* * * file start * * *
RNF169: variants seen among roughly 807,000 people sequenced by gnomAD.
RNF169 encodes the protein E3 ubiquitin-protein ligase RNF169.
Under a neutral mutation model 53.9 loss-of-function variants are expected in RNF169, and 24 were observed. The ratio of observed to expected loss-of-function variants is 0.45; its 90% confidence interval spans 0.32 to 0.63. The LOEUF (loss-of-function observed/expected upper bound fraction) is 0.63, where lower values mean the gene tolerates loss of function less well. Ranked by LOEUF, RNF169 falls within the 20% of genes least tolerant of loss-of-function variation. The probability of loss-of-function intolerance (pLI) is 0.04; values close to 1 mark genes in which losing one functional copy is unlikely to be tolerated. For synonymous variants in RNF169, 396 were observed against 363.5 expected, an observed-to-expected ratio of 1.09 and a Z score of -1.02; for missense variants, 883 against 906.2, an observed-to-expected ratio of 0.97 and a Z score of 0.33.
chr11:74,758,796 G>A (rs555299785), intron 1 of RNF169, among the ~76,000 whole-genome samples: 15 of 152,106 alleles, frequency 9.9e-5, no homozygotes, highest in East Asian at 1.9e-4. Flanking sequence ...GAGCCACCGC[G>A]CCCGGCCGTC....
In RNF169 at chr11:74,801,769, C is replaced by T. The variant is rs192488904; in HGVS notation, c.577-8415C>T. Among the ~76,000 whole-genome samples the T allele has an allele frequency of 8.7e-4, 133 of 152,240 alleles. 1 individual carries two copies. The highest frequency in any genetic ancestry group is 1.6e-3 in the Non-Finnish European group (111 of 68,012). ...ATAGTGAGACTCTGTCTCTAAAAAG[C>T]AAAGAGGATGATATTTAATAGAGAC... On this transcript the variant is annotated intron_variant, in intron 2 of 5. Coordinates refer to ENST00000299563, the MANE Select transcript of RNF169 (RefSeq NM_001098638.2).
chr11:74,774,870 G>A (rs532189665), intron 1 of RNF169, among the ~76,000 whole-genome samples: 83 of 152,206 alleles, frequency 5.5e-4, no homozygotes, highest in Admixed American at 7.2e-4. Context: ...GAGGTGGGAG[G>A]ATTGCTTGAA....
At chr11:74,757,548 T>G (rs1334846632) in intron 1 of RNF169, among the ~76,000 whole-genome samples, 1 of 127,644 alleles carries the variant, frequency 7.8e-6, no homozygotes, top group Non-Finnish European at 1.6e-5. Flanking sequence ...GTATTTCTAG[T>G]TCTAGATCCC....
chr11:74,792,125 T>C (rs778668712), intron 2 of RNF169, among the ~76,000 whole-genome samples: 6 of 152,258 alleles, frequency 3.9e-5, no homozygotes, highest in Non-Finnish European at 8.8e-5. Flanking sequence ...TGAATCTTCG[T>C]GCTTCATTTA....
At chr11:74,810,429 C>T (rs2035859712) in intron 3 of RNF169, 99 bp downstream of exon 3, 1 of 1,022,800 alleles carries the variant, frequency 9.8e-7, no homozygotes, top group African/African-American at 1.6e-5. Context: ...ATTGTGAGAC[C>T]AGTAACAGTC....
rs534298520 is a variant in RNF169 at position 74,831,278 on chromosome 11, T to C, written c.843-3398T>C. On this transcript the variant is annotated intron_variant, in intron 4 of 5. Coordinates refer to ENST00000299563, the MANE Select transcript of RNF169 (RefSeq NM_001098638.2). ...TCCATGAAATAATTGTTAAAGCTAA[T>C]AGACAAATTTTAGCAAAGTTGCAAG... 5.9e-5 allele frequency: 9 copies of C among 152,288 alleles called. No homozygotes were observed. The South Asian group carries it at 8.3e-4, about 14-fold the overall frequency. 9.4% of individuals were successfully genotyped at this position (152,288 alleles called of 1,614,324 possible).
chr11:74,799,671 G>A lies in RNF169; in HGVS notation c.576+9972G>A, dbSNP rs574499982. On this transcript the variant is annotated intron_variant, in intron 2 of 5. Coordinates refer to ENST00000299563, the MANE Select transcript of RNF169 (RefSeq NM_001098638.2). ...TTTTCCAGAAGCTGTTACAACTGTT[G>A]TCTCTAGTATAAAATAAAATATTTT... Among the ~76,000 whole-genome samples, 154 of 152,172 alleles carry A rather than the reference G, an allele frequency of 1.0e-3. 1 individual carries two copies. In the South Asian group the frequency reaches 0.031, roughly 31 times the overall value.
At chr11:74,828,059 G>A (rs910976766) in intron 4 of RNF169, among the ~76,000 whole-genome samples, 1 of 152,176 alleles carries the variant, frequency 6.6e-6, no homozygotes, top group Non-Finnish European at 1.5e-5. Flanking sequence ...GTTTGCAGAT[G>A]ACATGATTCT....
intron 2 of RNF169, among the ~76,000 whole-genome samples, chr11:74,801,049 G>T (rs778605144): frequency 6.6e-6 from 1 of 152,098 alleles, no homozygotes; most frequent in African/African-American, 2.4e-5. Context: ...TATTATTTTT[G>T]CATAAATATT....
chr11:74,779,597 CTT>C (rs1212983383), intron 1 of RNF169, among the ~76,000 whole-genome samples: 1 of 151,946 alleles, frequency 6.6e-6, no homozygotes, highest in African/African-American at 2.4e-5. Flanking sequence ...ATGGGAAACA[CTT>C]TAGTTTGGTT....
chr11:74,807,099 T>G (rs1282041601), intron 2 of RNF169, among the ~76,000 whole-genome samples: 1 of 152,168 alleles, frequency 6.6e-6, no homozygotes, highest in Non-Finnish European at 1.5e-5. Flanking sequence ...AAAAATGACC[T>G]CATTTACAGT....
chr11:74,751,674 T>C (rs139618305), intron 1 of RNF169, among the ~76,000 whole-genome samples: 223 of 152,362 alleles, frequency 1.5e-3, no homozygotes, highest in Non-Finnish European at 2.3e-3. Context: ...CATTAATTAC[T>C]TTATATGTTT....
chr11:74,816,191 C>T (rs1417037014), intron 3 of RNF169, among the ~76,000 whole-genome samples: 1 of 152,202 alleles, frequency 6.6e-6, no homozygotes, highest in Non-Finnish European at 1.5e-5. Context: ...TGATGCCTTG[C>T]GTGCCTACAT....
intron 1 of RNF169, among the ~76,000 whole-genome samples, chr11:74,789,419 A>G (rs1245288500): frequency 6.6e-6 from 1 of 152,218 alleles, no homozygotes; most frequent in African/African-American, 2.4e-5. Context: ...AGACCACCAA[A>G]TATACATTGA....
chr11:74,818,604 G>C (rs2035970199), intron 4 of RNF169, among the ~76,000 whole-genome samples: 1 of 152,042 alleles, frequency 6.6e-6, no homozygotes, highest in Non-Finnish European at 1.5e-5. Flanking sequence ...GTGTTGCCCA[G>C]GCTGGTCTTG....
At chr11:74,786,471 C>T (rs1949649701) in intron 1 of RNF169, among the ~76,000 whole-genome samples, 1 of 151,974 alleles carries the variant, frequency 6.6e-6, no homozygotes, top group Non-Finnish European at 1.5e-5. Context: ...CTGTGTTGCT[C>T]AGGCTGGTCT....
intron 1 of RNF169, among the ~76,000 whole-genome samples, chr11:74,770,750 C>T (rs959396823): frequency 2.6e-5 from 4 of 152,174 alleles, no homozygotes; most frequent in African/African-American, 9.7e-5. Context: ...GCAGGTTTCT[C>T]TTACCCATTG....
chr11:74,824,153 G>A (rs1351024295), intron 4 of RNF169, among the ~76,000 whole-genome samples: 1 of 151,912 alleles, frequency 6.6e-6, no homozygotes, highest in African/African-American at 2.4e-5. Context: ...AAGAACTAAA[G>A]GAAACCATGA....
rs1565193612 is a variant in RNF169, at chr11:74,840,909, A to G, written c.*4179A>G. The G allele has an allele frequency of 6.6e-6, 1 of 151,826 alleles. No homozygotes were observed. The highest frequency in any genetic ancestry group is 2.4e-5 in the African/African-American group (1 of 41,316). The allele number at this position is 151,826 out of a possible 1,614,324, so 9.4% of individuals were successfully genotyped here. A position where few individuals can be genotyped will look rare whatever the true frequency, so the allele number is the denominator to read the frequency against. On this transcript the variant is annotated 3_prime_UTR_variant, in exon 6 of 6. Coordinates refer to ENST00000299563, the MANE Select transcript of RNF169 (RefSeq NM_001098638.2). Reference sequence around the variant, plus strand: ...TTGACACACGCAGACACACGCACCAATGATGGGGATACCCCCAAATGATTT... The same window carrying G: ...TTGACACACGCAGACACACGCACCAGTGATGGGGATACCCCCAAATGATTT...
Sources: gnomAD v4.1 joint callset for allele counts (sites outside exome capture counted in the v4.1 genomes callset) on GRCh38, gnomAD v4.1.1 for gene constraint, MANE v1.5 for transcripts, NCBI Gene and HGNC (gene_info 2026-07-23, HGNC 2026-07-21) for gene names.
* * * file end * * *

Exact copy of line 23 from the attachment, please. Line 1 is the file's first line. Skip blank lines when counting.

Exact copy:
rs1565193612 is a variant in RNF169, at chr11:74,840,909, A to G, written c.*4179A>G. The G allele has an allele frequency of 6.6e-6, 1 of 151,826 alleles. No homozygotes were observed. The highest frequency in any genetic ancestry group is 2.4e-5 in the African/African-American group (1 of 41,316). The allele number at this position is 151,826 out of a possible 1,614,324, so 9.4% of individuals were successfully genotyped here. A position where few individuals can be genotyped will look rare whatever the true frequency, so the allele number is the denominator to read the frequency against. On this transcript the variant is annotated 3_prime_UTR_variant, in exon 6 of 6. Coordinates refer to ENST00000299563, the MANE Select transcript of RNF169 (RefSeq NM_001098638.2). Reference sequence around the variant, plus strand: ...TTGACACACGCAGACACACGCACCAATGATGGGGATACCCCCAAATGATTT... The same window carrying G: ...TTGACACACGCAGACACACGCACCAGTGATGGGGATACCCCCAAATGATTT...